Background Checks Vs. Gun Sales: 2019 Data Spiked, But Sales Likely Only Made Modest Gains
We often look to the number of firearm background checks to estimate gun sales in the U.S. And new data shows that number jumped in 2019. But the real story behind those numbers is more complicated.
Every time someone buys a gun from a federally licensed firearms dealer their name is run through the FBI’s National Instant Criminal Background Check System (NICS).
And according to the FBI’s data, 2019 could be a record year for the number of those checks.
But the uptick in background checks wasn’t just based on sales: States are now running more background checks for things like concealed weapons permits, according to Jurgen Brauer.
Brauer is the founder of Small Arms Analytics, which tracks the gun industry.
“Kentucky for instance, checks about 380,000 permit holders,” he said. “It does not mean that every one of these [permit holders], every month, goes out to buy a new firearm.”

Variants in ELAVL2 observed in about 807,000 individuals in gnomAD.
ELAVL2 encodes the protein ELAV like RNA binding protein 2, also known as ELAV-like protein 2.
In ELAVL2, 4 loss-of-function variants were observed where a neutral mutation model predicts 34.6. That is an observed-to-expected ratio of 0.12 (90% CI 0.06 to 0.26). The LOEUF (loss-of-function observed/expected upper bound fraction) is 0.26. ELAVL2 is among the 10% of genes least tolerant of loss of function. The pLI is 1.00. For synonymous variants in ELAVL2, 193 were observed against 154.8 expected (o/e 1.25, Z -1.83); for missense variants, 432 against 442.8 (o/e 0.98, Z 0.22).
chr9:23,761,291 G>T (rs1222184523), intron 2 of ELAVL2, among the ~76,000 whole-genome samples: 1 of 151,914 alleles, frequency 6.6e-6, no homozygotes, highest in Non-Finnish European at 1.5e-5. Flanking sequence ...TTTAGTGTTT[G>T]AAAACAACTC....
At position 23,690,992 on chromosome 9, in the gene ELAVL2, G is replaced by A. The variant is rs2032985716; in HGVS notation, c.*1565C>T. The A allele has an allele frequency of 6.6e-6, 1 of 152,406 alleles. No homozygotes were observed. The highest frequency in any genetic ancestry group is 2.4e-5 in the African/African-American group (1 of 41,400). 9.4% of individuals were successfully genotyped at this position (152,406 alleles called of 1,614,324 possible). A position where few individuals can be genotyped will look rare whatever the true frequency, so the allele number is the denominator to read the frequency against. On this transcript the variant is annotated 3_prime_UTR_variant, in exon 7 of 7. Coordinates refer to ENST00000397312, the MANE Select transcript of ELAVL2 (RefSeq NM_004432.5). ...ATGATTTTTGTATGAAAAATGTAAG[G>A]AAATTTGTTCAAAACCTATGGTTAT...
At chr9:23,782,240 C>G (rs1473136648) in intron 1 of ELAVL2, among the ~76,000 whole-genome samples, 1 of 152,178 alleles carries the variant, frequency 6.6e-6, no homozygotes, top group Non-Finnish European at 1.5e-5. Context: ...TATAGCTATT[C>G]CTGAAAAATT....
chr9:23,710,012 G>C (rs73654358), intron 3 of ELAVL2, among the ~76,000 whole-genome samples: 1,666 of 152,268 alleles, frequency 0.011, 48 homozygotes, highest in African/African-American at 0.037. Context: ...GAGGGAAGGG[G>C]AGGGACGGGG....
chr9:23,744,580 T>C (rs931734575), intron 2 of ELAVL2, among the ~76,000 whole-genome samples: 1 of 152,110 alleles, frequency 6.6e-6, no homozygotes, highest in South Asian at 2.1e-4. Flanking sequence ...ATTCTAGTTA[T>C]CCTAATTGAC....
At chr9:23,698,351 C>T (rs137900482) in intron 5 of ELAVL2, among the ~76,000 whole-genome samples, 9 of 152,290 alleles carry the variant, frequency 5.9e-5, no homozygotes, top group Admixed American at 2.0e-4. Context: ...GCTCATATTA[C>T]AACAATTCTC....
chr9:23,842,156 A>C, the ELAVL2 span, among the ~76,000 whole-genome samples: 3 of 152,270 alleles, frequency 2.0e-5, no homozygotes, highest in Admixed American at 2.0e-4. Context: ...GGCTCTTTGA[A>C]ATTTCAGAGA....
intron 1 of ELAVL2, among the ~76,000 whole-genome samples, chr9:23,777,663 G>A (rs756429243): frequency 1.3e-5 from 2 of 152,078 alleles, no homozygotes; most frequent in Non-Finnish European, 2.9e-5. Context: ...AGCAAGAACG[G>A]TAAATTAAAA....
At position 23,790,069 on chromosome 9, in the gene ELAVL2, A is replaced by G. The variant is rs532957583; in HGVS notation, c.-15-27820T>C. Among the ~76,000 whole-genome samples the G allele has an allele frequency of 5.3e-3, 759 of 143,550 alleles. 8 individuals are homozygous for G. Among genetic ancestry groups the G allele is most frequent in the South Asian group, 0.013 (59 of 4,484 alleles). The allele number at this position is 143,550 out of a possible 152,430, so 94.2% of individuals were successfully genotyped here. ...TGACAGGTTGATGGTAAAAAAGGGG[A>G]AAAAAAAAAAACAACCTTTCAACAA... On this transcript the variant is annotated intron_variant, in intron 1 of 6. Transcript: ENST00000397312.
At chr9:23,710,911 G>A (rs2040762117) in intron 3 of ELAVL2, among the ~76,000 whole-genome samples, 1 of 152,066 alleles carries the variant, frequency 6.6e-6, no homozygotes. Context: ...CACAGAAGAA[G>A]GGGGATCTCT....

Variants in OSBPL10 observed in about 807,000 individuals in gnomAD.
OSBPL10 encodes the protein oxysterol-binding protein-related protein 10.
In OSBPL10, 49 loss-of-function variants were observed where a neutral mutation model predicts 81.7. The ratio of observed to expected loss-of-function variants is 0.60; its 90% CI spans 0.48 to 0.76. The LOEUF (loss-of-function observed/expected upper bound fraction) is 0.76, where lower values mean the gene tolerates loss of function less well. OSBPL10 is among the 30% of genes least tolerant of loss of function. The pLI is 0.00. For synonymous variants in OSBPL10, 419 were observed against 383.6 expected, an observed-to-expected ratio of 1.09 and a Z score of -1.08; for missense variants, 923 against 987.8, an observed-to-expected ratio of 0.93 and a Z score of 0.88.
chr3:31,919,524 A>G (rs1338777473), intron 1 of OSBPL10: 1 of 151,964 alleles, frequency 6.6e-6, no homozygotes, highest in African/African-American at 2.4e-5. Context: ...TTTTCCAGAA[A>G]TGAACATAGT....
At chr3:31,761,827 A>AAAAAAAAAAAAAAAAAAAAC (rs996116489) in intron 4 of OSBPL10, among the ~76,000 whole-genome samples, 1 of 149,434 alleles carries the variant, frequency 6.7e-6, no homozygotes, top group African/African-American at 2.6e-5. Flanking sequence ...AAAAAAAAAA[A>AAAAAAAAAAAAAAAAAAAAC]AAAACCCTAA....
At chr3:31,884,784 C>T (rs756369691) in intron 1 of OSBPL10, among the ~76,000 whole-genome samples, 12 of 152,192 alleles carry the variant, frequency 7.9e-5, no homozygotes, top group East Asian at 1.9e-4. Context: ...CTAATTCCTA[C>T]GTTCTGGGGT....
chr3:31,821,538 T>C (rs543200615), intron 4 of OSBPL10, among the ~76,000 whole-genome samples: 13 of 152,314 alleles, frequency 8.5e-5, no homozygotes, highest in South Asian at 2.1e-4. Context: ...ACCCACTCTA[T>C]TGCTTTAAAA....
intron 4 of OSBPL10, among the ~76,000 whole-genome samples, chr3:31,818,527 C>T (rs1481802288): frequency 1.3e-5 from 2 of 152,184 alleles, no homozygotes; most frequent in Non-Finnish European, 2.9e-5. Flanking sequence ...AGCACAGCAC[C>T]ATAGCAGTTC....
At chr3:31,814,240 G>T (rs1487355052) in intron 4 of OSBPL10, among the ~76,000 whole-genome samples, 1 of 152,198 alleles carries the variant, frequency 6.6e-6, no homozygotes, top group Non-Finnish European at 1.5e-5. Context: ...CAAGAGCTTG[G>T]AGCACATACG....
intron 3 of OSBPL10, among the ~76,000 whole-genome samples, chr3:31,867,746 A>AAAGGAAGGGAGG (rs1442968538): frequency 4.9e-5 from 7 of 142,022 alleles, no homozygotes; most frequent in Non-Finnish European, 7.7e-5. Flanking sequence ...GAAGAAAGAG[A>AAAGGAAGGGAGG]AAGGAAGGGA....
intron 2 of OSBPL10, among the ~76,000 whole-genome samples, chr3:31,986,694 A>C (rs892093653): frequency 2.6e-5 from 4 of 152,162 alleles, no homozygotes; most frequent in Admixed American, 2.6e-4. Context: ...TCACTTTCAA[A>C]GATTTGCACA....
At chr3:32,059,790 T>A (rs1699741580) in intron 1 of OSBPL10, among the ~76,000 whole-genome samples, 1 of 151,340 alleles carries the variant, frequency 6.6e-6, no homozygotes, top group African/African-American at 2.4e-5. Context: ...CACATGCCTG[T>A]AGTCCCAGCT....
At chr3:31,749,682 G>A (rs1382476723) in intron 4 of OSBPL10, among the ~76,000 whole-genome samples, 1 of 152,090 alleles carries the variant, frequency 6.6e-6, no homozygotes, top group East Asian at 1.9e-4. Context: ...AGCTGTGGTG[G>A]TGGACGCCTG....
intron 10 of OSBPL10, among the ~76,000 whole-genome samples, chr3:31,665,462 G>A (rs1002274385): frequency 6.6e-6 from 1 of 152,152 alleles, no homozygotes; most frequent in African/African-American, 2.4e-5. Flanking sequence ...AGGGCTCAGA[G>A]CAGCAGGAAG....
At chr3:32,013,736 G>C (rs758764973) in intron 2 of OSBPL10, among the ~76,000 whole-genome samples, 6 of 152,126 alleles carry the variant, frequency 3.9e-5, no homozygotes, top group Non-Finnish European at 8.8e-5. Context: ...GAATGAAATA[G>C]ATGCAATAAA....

There were approximately 28 million checks run through the federal system in 2019. That’s roughly 2 million more than in 2018.
But Brauer says the actual jump in gun sales is closer to 100,000 guns, a much smaller gain. Analysts, he says, are having to adjust their methods as the gap between background checks and actual sales increases.
“The FBI numbers are inflated and need to be deflated essentially to estimate the approximate number of actual sales,” he said.
Nonetheless, Brauer says the 2019 background check total reflect an upward trend analysis have noted in recent years, following a slump in the wake of President Donald Trump’s election.
And Brauer says sales are likely to increase as we get closer to the 2020 presidential election, when gun owners are likely to be more concerned about the potential for a different administration and new gun regulations.
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